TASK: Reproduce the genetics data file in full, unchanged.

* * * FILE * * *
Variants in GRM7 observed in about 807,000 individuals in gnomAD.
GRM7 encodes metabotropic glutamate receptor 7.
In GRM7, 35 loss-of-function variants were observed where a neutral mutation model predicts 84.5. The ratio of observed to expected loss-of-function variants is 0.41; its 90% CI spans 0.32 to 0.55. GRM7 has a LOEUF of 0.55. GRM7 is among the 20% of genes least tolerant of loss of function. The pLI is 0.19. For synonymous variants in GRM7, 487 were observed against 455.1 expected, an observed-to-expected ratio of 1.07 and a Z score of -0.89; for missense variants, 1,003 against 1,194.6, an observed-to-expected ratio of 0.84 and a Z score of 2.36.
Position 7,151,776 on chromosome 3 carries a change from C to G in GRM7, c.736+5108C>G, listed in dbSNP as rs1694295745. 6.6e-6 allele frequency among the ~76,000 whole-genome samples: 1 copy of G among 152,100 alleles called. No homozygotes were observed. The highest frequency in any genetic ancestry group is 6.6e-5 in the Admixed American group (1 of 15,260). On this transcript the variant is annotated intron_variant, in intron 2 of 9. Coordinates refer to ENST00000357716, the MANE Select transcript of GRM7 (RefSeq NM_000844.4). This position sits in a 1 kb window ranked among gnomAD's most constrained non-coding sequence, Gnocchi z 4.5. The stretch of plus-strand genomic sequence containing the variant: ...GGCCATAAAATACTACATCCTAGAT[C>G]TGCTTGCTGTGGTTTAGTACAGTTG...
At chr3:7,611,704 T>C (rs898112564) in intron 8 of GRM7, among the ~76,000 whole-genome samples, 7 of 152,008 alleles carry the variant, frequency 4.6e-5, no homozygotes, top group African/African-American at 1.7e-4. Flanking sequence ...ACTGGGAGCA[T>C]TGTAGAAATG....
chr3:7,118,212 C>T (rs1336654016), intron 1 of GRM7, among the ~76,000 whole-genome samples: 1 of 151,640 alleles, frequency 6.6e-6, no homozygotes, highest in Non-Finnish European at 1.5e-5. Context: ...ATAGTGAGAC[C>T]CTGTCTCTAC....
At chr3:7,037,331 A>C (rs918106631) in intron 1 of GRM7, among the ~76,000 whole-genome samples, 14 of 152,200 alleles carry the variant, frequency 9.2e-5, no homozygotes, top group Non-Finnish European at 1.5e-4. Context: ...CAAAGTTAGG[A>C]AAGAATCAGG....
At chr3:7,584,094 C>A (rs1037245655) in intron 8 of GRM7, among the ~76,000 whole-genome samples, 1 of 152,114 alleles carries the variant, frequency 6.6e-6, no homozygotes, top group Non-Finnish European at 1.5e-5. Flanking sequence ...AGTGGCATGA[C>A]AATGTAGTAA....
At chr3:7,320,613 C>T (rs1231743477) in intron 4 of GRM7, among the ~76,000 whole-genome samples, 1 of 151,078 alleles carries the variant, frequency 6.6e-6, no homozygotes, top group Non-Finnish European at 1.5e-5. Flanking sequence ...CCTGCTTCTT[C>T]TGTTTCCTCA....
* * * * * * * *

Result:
Variants in GRM7 observed in about 807,000 individuals in gnomAD.
GRM7 encodes metabotropic glutamate receptor 7.
In GRM7, 35 loss-of-function variants were observed where a neutral mutation model predicts 84.5. The ratio of observed to expected loss-of-function variants is 0.41; its 90% CI spans 0.32 to 0.55. GRM7 has a LOEUF of 0.55. GRM7 is among the 20% of genes least tolerant of loss of function. The pLI is 0.19. For synonymous variants in GRM7, 487 were observed against 455.1 expected, an observed-to-expected ratio of 1.07 and a Z score of -0.89; for missense variants, 1,003 against 1,194.6, an observed-to-expected ratio of 0.84 and a Z score of 2.36.
Position 7,151,776 on chromosome 3 carries a change from C to G in GRM7, c.736+5108C>G, listed in dbSNP as rs1694295745. 6.6e-6 allele frequency among the ~76,000 whole-genome samples: 1 copy of G among 152,100 alleles called. No homozygotes were observed. The highest frequency in any genetic ancestry group is 6.6e-5 in the Admixed American group (1 of 15,260). On this transcript the variant is annotated intron_variant, in intron 2 of 9. Coordinates refer to ENST00000357716, the MANE Select transcript of GRM7 (RefSeq NM_000844.4). This position sits in a 1 kb window ranked among gnomAD's most constrained non-coding sequence, Gnocchi z 4.5. The stretch of plus-strand genomic sequence containing the variant: ...GGCCATAAAATACTACATCCTAGAT[C>G]TGCTTGCTGTGGTTTAGTACAGTTG...
At chr3:7,611,704 T>C (rs898112564) in intron 8 of GRM7, among the ~76,000 whole-genome samples, 7 of 152,008 alleles carry the variant, frequency 4.6e-5, no homozygotes, top group African/African-American at 1.7e-4. Flanking sequence ...ACTGGGAGCA[T>C]TGTAGAAATG....
chr3:7,118,212 C>T (rs1336654016), intron 1 of GRM7, among the ~76,000 whole-genome samples: 1 of 151,640 alleles, frequency 6.6e-6, no homozygotes, highest in Non-Finnish European at 1.5e-5. Context: ...ATAGTGAGAC[C>T]CTGTCTCTAC....
At chr3:7,037,331 A>C (rs918106631) in intron 1 of GRM7, among the ~76,000 whole-genome samples, 14 of 152,200 alleles carry the variant, frequency 9.2e-5, no homozygotes, top group Non-Finnish European at 1.5e-4. Context: ...CAAAGTTAGG[A>C]AAGAATCAGG....
At chr3:7,584,094 C>A (rs1037245655) in intron 8 of GRM7, among the ~76,000 whole-genome samples, 1 of 152,114 alleles carries the variant, frequency 6.6e-6, no homozygotes, top group Non-Finnish European at 1.5e-5. Flanking sequence ...AGTGGCATGA[C>A]AATGTAGTAA....
At chr3:7,320,613 C>T (rs1231743477) in intron 4 of GRM7, among the ~76,000 whole-genome samples, 1 of 151,078 alleles carries the variant, frequency 6.6e-6, no homozygotes, top group Non-Finnish European at 1.5e-5. Flanking sequence ...CCTGCTTCTT[C>T]TGTTTCCTCA....